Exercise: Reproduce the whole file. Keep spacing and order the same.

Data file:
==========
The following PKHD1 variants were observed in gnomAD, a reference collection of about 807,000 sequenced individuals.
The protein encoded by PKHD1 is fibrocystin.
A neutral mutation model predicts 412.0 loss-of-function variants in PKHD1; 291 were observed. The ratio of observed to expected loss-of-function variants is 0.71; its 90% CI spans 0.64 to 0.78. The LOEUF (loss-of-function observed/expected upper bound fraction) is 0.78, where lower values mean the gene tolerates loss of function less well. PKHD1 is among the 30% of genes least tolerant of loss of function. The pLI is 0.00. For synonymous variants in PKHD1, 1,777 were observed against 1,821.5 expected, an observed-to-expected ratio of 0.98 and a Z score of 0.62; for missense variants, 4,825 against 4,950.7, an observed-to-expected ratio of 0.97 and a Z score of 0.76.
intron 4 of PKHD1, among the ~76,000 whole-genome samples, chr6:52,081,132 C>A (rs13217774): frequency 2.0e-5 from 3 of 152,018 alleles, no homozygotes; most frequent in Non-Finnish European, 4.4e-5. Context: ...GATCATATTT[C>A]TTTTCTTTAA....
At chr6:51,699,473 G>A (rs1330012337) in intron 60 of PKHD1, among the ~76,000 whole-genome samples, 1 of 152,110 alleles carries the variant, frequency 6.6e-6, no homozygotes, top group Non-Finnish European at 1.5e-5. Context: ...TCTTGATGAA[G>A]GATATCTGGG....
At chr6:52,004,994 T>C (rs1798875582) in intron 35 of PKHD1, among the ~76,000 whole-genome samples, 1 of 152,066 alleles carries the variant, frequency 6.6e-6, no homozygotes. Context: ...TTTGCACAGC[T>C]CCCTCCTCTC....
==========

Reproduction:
The following PKHD1 variants were observed in gnomAD, a reference collection of about 807,000 sequenced individuals.
The protein encoded by PKHD1 is fibrocystin.
A neutral mutation model predicts 412.0 loss-of-function variants in PKHD1; 291 were observed. The ratio of observed to expected loss-of-function variants is 0.71; its 90% CI spans 0.64 to 0.78. The LOEUF (loss-of-function observed/expected upper bound fraction) is 0.78, where lower values mean the gene tolerates loss of function less well. PKHD1 is among the 30% of genes least tolerant of loss of function. The pLI is 0.00. For synonymous variants in PKHD1, 1,777 were observed against 1,821.5 expected, an observed-to-expected ratio of 0.98 and a Z score of 0.62; for missense variants, 4,825 against 4,950.7, an observed-to-expected ratio of 0.97 and a Z score of 0.76.
intron 4 of PKHD1, among the ~76,000 whole-genome samples, chr6:52,081,132 C>A (rs13217774): frequency 2.0e-5 from 3 of 152,018 alleles, no homozygotes; most frequent in Non-Finnish European, 4.4e-5. Context: ...GATCATATTT[C>A]TTTTCTTTAA....
At chr6:51,699,473 G>A (rs1330012337) in intron 60 of PKHD1, among the ~76,000 whole-genome samples, 1 of 152,110 alleles carries the variant, frequency 6.6e-6, no homozygotes, top group Non-Finnish European at 1.5e-5. Context: ...TCTTGATGAA[G>A]GATATCTGGG....
At chr6:52,004,994 T>C (rs1798875582) in intron 35 of PKHD1, among the ~76,000 whole-genome samples, 1 of 152,066 alleles carries the variant, frequency 6.6e-6, no homozygotes. Context: ...TTTGCACAGC[T>C]CCCTCCTCTC....